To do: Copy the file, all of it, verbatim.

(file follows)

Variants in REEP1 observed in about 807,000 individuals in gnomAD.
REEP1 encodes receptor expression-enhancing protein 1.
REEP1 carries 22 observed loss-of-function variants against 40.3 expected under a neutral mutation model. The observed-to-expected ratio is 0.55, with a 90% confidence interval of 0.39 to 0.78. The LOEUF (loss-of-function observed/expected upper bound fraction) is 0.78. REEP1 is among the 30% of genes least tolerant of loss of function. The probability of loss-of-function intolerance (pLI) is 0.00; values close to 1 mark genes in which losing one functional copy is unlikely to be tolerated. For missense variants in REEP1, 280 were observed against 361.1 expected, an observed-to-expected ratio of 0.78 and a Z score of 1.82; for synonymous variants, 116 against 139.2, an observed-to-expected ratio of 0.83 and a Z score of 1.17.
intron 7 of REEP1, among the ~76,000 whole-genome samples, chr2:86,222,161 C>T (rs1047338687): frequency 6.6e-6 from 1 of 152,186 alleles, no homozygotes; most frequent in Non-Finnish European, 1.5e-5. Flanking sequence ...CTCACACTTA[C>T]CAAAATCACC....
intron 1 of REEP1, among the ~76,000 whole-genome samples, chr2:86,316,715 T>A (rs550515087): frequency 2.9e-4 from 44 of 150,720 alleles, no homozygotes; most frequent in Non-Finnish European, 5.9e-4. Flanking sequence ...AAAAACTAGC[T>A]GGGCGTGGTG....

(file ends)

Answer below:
Variants in REEP1 observed in about 807,000 individuals in gnomAD.
REEP1 encodes receptor expression-enhancing protein 1.
REEP1 carries 22 observed loss-of-function variants against 40.3 expected under a neutral mutation model. The observed-to-expected ratio is 0.55, with a 90% confidence interval of 0.39 to 0.78. The LOEUF (loss-of-function observed/expected upper bound fraction) is 0.78. REEP1 is among the 30% of genes least tolerant of loss of function. The probability of loss-of-function intolerance (pLI) is 0.00; values close to 1 mark genes in which losing one functional copy is unlikely to be tolerated. For missense variants in REEP1, 280 were observed against 361.1 expected, an observed-to-expected ratio of 0.78 and a Z score of 1.82; for synonymous variants, 116 against 139.2, an observed-to-expected ratio of 0.83 and a Z score of 1.17.
intron 7 of REEP1, among the ~76,000 whole-genome samples, chr2:86,222,161 C>T (rs1047338687): frequency 6.6e-6 from 1 of 152,186 alleles, no homozygotes; most frequent in Non-Finnish European, 1.5e-5. Flanking sequence ...CTCACACTTA[C>T]CAAAATCACC....
intron 1 of REEP1, among the ~76,000 whole-genome samples, chr2:86,316,715 T>A (rs550515087): frequency 2.9e-4 from 44 of 150,720 alleles, no homozygotes; most frequent in Non-Finnish European, 5.9e-4. Flanking sequence ...AAAAACTAGC[T>A]GGGCGTGGTG....